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Home / Achieving Woman

Women stone crushers of Nandi defying cultural stereotypes

 Ruth Soy, 65, (left) and Irene Koech crushing stone to make gravels along Kopere-Timboroa highway (Photo Edward Kosut)

Edward Kosut visits a quarry near Sarwat Village, Nandi County where a group of women have defied cultural stereotypes by establishing a business that helps them put food on the table and see their children through school

Armed with sledgehammers, they navigate the terrain into an open quarry a few kilometers from their home in Sarwat village, Nandi County.

Undeterred by the sweltering heat, the group of 12 women each gather a heap of gravel and, like a synchronised orchestra, they pound the rocks bit by bit.

It is a trade the women, aged between 23 and 65, have mastered in their bid to fend for their families.

Ruth Soy, a member of Chepkemel Women Group, told Eve that, for 12 years, the group has been working in the quarries defying cultural stereotypes and keen on supporting their families.

“We have stood the test of time and, along the way, we resolved to form a self-help group. This has enhanced our activities here,” she says.

She adds that when they started crushing stones in 2008, they were about 20 women working in quarries in the area before they dropped to 12.

“We opened a bank account where we now deposit all the proceeds from the sale of gravel. Whenever one of us is facing challenges raising school fees, we use the funds and this has enabled our children to study without disruption,” she says.

She adds that they also use the proceeds to buy household necessities and food for their families. “We don’t have alternative jobs to earn money,” says Mrs Soy, a 65-year-old mother of seven.

She adds that when they arrive at the quarry by 9am every day, they set out to collect stones for crushing, an exercise that takes the whole day.

“I have got grandchildren at home. When schools open, we come with the young ones to the site where we can look after them,” she says, adding that she has developed health complications due to her advanced age.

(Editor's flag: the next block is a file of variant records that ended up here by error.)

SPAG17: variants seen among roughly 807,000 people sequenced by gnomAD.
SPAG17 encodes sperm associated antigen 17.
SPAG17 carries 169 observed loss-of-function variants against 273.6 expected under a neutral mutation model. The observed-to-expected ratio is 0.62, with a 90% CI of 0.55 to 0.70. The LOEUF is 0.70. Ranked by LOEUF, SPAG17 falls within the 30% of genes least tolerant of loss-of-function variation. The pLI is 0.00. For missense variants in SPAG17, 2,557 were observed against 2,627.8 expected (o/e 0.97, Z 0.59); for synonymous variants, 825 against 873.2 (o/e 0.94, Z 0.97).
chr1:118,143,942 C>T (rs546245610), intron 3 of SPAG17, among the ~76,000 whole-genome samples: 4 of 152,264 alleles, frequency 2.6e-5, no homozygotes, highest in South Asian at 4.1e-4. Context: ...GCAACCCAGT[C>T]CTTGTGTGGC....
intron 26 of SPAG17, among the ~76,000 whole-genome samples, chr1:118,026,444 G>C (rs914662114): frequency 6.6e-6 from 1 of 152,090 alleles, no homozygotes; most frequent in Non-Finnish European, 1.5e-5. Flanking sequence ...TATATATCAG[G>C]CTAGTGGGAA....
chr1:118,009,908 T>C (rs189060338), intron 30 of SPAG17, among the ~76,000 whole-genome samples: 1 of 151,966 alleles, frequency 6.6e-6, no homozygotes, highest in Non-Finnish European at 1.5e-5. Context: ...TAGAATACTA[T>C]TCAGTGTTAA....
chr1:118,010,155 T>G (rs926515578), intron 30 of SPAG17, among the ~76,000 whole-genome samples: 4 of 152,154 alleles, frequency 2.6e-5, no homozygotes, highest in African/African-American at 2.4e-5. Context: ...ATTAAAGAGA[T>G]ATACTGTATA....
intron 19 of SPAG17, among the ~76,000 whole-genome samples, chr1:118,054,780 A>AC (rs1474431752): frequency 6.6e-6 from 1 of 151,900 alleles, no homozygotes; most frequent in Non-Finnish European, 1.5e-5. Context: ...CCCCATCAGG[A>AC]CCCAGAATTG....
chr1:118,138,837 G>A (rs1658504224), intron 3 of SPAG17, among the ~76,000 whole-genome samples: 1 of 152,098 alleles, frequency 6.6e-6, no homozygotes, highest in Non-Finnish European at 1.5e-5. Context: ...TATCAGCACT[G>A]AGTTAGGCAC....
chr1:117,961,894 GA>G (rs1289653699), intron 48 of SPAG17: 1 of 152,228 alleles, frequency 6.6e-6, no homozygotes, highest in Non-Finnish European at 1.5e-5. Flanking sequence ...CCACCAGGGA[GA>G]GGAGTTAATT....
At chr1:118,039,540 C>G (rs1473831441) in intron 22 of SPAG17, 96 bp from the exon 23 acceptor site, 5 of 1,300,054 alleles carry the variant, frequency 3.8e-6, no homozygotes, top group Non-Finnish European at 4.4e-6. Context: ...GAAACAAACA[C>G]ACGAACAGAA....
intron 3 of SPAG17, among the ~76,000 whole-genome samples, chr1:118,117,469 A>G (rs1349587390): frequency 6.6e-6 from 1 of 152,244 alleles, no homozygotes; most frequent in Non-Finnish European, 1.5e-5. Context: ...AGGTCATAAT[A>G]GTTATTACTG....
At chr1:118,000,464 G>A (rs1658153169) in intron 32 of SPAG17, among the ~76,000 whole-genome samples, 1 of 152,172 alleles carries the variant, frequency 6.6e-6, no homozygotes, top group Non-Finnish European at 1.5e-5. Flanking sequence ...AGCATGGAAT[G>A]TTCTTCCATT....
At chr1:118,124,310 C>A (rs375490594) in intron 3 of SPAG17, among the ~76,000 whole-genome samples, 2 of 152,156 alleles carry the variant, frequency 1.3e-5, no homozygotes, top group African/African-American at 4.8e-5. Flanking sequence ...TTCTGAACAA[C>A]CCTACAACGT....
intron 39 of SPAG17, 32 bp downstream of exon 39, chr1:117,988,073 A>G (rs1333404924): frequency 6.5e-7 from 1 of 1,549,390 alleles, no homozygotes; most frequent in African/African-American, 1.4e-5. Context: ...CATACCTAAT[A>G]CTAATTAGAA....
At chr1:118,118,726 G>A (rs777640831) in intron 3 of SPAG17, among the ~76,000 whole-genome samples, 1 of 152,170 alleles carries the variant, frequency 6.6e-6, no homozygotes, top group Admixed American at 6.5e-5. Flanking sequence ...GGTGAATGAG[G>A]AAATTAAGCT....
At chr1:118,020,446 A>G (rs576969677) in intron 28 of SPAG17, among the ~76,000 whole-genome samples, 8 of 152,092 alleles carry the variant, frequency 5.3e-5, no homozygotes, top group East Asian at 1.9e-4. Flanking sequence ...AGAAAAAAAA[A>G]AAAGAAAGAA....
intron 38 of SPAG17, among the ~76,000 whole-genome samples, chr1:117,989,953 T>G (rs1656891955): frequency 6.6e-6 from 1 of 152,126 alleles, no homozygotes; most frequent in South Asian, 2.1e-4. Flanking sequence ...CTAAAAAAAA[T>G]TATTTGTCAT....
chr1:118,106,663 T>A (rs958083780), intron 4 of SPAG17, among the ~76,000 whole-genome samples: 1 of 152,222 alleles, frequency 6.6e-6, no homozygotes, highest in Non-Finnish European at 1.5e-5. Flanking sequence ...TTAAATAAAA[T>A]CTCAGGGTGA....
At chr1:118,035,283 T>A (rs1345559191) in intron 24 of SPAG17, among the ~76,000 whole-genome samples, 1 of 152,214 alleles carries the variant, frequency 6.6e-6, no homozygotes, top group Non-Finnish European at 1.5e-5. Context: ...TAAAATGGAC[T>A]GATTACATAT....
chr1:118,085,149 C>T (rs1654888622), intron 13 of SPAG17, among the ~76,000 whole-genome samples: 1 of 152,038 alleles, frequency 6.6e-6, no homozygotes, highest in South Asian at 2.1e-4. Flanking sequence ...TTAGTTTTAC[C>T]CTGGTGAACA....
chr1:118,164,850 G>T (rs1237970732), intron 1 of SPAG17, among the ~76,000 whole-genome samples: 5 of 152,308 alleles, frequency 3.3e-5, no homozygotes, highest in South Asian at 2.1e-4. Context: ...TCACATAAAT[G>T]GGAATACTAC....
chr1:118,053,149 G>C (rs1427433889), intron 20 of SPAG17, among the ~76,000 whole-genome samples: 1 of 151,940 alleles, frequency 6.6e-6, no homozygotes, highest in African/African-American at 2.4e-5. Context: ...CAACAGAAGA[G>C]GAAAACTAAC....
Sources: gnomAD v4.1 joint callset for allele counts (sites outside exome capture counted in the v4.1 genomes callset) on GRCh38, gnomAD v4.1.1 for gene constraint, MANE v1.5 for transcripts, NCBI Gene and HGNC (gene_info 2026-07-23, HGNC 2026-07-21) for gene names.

Apart from Mrs Soy, other members of the group include Jane Koech, Evelyn Chirchir, Frida Cheptoo, Joan Koech, Gladys Ng’eno, Irine Koech and Alice Cheruto. Others are Magdaline Koech, Beatrice Kogo, Sheila Mutai and Millicent Akinyi.

 Chepkemel Self-group crushing stones for gravel in Tinderet (Photo:Edward Kosut)

For Mrs Chirchir, working at the quarry has never been easy but the competition they get from a nearby modern quarry has driven prices down forcing them to work even harder to make ends meet.

“Sometimes we can go one month without recording even a single sale. We don’t have a choice but to be patient,” she says.

She adds, “During the dry season, which occurs from December to March, the harvest we get from food crops cannot sustain our families. This means we have to rely on proceeds from quarrying.”

Although the activity puts food on their table, the women say it has left them with scars on their hands and legs due to small accidents sustained during the process of crushing the stone. Sometimes, they take time to heal.

“I don’t know if I will sustain this kind of work in the few years to come, my body is growing weak every day. Sometimes, I only do light responsibilities like picking stones,” Mrs Soy says.

While the market for gravel has been affected by the Covid-19 pandemic, the women say they are now seeking business from schools in the area to support their venture.

Schools including Kabutye, Fr Poel Kabolebo, Koot Neleel, Sarwat secondary schools, have allowed the women to supply stones to pay school fees.

“It has been a challenge to get enough money to pay school fees for my two children in Form One and Two, and through local arrangements with the school management, they have allowed me to supply them with gravel that is commensurate with the school fees,” states Ms Cheruto.

Remmy Butya, a resident, says that the majority of women in area are single mothers or have irresponsible husbands which has forced women to take up quarry jobs to put food on the table.

“They don’t have enough capital resources to take up agriculture, including land to cultivate since they live in poor terrain that is unfavourable for farming,” he says.

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